>> The lesson to be learned is that you have to be careful (when using the
>> GC) to
>> 1) Set all pointers to unused memory to NULL.

>
> You claimed to want a technical discussion of your suggestions about
> GC, but you did not respond to my point about this very issue. Do you
> propose (and has your compiler implemented) a new set of "as if" rules
> so that such settings can not optimised away?
>


An assignment can't be optimized away unless the compiler
proves that this memory can't be used within the current scope.

If your compiler does that, nothing happens because when you
exit that scope the GC will see that the memory is no longer
referenced.

Many complications can arise. My compiler only does such
optimizations when asked for. In a GC setting just avoid for
asking those optimizations (delete unused assignments).


--
jacob navia
jacob at jacob point remcomp point fr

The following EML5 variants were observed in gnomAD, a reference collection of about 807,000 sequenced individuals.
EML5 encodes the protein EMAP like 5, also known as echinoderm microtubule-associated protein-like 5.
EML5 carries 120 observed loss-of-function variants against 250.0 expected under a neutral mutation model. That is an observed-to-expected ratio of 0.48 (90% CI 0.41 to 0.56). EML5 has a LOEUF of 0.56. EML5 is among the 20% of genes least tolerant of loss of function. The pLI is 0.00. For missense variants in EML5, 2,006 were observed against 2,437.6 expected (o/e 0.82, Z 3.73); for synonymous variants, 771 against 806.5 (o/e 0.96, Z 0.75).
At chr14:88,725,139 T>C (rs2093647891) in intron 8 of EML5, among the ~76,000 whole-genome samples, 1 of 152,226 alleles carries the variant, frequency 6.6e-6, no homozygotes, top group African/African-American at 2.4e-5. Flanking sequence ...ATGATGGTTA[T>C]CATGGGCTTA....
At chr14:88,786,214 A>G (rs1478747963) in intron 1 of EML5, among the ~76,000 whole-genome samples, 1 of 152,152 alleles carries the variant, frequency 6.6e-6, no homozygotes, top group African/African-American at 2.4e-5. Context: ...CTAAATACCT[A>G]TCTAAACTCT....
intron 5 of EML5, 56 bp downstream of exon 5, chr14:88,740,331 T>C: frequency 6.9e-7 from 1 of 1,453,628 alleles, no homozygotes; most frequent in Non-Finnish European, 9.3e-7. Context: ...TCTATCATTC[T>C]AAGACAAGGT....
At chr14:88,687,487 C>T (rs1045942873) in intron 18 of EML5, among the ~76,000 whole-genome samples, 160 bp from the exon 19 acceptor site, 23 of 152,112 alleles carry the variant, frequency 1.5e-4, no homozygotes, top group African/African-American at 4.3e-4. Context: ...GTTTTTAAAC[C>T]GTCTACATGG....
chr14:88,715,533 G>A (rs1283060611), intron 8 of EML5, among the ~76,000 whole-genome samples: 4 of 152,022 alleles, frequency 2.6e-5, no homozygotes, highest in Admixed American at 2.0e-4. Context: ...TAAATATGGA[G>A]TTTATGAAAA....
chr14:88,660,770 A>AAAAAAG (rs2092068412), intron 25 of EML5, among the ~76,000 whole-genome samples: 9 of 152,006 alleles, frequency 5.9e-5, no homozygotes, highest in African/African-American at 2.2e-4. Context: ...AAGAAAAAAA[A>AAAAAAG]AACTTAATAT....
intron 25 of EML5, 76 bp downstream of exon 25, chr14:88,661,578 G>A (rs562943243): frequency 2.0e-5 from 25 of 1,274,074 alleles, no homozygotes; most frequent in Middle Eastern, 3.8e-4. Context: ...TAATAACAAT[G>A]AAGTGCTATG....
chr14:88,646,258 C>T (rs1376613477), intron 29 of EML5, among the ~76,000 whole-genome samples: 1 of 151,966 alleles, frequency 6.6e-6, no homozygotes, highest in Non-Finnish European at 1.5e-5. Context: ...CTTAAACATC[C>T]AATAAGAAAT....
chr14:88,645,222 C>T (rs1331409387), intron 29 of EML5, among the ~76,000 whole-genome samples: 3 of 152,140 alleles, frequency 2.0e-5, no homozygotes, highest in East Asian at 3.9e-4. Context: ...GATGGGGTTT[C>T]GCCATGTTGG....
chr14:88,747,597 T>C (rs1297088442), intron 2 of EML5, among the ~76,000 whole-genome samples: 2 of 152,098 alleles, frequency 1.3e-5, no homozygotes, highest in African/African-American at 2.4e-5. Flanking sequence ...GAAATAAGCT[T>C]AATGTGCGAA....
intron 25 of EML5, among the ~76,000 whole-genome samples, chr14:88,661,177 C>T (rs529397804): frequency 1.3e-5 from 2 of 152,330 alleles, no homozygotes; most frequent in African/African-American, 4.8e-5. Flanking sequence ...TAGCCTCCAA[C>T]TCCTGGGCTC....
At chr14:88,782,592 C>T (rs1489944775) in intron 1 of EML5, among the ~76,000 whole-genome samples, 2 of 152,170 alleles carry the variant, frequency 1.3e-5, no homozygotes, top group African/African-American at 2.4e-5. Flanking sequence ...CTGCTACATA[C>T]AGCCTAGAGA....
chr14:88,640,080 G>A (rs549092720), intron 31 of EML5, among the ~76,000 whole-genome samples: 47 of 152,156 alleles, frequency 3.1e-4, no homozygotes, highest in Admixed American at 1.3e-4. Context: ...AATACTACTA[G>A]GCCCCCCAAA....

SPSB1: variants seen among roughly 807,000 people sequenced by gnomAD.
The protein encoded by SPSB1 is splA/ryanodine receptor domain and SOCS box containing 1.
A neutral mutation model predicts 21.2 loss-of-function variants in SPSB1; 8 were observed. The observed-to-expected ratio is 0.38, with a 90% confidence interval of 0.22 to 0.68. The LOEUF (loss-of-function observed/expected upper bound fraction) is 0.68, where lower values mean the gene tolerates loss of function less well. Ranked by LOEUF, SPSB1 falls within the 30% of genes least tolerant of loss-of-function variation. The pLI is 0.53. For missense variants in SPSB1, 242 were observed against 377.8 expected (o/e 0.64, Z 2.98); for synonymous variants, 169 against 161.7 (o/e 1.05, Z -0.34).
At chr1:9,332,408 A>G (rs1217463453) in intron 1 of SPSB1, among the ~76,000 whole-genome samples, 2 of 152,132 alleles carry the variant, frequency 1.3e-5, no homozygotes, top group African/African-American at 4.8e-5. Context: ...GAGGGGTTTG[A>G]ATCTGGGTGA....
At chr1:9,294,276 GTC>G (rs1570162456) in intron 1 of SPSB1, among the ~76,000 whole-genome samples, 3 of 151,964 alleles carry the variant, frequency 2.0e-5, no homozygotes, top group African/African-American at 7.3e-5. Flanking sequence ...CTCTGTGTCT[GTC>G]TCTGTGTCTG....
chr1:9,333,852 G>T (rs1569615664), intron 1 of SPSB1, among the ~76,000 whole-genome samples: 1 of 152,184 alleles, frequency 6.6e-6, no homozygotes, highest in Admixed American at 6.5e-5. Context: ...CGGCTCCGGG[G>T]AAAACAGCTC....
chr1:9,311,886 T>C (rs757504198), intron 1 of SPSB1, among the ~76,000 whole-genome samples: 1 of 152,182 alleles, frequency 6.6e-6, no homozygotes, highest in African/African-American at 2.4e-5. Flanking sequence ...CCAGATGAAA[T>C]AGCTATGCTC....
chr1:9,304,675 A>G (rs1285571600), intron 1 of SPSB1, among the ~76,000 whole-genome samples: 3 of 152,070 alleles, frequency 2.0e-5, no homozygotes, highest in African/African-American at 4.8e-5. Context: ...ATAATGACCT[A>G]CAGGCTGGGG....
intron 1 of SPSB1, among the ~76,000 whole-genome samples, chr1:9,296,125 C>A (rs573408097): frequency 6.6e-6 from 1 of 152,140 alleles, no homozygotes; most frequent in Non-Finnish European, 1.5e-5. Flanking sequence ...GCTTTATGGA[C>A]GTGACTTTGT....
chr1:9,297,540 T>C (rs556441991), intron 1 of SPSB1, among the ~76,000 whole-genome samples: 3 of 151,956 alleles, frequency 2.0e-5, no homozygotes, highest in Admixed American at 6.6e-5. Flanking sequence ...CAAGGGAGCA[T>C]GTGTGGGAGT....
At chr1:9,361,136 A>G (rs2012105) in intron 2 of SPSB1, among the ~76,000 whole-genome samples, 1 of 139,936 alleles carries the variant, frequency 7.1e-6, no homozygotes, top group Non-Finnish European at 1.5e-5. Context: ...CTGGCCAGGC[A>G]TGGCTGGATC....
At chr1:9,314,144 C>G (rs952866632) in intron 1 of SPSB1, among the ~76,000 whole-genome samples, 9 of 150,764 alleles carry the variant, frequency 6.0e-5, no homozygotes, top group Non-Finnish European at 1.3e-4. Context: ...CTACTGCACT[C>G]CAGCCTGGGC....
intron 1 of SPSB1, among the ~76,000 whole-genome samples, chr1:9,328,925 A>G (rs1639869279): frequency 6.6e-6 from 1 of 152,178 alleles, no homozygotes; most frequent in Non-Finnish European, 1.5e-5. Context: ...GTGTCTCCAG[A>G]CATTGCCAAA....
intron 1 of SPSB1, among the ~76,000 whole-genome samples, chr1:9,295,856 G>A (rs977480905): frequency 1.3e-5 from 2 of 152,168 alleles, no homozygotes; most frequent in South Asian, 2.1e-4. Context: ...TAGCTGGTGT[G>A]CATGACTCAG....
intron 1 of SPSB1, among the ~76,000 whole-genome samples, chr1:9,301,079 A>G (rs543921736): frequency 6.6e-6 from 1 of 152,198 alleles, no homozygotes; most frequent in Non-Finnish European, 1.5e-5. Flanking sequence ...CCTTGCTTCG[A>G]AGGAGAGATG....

logiciels/informatique
http://www.cs.virginia.edu/~lcc-win32
 
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Tor Rustad
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      11-18-2007
jacob navia wrote:
> As many people know, I think that garbage collection is a good
> solution for many memory allocation problems.


Right, but I'm more interested in knowing what Richard Heathfield would
have liked C99 to include, but C99 didn't.

> I am aware however, that nothing is "the silver bullet", not
> even the GC.


IMO, the main domain of C is system and embedded development. Even if